We will start by installing the Cloudify command line tool (CLI):

  1. Make sure you have Python 2.7 and pip package manager installed (if pip is not installed, please do so using these instructions).

  2. Install python virtualenv

    pip install virtualenv 
  3. Create a new virtual environment

    virtualenv yournewcfyenv 
  4. CD into this new folder (“yournewcfyenv”)

  5. Activate the virtual environment

    source ./bin/activate 
  6. Install the Cloudify CLI

    pip install cloudify 
  7. Run cfy –version to ensure the cli tool was successfully installed

After we have Cloudfy CLI installed, we want to deploy a Cloudify manager to our vCloud Air cloud. Cloudify is built using a pluggable architecture, where support for clouds is provided by a cloud-specific plugin, which contains the manager blueprint.  This is the blueprint that installs the Cloudify manager application in the same way we will later install our application blueprint.

  1. Get the vCloud Air cloud plugin from github

    wget https://github.com/cloudify-cosmo/tosca-vcloud-plugin/archive/1.0m2.zip
    unzip 1.0m2.zip
  2. Go into the tosca-vcloud-plugin folder.

  3. Under the manager_blueprint folder, edit the inputs.json .template file and complete all of the empty properties.

    {
    "vcloud_username": "",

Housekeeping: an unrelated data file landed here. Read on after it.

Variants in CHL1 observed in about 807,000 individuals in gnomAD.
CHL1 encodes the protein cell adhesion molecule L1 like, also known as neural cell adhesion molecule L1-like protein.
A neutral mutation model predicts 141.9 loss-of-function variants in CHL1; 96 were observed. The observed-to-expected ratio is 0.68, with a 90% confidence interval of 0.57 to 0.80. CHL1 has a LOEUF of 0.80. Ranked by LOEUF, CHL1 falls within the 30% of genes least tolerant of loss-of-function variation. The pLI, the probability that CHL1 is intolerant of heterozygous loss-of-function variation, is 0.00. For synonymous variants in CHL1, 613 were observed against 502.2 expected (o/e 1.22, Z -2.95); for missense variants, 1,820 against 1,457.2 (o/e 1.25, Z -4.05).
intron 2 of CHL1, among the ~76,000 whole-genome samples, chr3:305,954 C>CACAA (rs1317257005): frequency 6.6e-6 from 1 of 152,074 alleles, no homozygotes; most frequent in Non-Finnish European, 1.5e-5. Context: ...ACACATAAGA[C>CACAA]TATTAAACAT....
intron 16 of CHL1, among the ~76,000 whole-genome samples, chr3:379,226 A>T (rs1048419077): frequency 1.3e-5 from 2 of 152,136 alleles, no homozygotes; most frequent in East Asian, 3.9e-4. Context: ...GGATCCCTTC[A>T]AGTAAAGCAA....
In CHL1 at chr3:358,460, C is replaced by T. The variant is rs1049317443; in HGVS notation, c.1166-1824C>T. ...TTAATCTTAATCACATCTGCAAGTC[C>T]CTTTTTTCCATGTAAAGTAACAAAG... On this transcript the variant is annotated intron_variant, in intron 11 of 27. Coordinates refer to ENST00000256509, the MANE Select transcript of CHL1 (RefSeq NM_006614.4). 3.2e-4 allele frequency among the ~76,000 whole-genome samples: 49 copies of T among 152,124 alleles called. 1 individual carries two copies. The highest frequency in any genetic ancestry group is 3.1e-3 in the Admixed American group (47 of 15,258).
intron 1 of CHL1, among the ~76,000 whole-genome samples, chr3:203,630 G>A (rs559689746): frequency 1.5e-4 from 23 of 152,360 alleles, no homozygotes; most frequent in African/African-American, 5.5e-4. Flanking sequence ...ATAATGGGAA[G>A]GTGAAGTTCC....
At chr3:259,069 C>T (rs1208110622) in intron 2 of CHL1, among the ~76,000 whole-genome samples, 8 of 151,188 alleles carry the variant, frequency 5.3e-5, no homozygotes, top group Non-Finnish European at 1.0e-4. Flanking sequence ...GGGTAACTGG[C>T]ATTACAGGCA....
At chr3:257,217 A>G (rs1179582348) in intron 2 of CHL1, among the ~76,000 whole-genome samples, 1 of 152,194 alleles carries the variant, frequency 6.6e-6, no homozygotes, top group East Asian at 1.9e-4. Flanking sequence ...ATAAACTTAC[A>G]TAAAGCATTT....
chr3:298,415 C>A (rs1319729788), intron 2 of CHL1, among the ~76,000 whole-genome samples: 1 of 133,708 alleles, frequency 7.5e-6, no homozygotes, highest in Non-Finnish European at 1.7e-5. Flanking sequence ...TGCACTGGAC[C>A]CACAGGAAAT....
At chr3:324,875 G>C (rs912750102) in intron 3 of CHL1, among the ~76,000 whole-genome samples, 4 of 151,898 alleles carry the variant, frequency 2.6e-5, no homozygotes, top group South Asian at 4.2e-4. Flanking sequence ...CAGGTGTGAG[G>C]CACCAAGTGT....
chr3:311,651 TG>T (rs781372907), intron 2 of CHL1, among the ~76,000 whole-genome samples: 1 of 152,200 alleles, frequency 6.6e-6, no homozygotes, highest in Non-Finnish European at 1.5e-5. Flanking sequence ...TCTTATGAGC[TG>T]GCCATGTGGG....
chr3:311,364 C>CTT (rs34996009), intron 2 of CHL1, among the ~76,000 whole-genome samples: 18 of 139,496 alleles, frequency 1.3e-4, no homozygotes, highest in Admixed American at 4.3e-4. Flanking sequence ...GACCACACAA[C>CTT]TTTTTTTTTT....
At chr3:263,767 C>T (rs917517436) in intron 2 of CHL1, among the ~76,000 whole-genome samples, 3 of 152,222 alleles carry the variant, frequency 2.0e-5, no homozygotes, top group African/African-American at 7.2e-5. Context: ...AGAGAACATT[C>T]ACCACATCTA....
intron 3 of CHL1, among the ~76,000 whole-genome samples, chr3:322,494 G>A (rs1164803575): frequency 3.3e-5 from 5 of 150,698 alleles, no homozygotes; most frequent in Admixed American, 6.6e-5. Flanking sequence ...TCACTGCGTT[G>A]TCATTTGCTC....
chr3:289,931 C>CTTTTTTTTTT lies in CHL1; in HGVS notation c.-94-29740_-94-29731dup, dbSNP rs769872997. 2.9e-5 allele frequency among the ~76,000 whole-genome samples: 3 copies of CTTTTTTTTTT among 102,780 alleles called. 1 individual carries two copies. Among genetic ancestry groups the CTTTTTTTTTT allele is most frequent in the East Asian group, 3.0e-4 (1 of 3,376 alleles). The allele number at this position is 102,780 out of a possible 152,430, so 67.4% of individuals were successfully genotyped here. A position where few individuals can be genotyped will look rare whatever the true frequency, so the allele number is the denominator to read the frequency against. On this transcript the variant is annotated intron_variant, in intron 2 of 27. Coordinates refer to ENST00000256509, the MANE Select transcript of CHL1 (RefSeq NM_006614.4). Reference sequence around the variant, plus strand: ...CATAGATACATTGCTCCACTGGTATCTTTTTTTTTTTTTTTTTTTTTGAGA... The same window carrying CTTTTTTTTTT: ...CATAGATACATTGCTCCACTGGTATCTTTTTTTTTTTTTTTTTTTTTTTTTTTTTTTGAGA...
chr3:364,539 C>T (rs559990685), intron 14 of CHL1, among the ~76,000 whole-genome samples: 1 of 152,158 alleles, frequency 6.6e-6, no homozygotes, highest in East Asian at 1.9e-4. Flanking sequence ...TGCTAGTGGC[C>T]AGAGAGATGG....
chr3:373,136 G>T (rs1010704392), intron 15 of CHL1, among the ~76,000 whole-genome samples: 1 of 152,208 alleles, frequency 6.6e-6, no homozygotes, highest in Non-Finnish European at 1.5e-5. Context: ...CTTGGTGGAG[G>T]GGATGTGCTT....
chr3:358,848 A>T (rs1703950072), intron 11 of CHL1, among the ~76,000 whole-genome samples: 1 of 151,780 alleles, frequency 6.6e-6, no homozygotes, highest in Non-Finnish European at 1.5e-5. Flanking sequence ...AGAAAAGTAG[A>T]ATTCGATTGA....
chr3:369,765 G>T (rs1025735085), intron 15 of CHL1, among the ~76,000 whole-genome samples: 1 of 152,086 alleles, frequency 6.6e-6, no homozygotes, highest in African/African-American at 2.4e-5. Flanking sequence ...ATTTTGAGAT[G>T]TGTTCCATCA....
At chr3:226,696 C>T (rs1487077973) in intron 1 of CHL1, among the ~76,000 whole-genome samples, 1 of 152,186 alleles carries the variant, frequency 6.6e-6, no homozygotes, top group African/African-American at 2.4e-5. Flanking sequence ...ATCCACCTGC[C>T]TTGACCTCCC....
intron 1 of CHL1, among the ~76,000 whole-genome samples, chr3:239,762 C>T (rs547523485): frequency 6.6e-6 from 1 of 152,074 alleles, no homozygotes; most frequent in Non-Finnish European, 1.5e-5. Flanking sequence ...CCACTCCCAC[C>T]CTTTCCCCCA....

"vcloud_password": "",
    "vcloud_url": "https://vchs.vmware.com",
    "vcloud_service": "<#########-####>",
    "vcloud_vcd": "<#########-####>",
    "manager_server_name": "",
    "manager_server_catalog": "",
    "manager_server_template": "",
    "management_network_name": "",
    "floating_ip_gateway": "<#########-####>",
    "floating_ip_public_ip": "###.###.###.###",
    "manager_private_key_path": "",
    "agent_private_key_path": "<~/.ssh/vcloud.pem>"
    
    }
  4. Save it under the same name without the template suffix

  5. To start the actual bootstrap run the following commands:

    cfy init
    cfy local install-plugins –p ./manager_blueprint/vcloud.yaml
    cfy bootstrap –p ./manager_blueprint/vcloud.yaml –i ./manager_blueprint/inputs.json
  6. You should see quite a long console output that should finish with an IP address of your newly created Cloudify manager.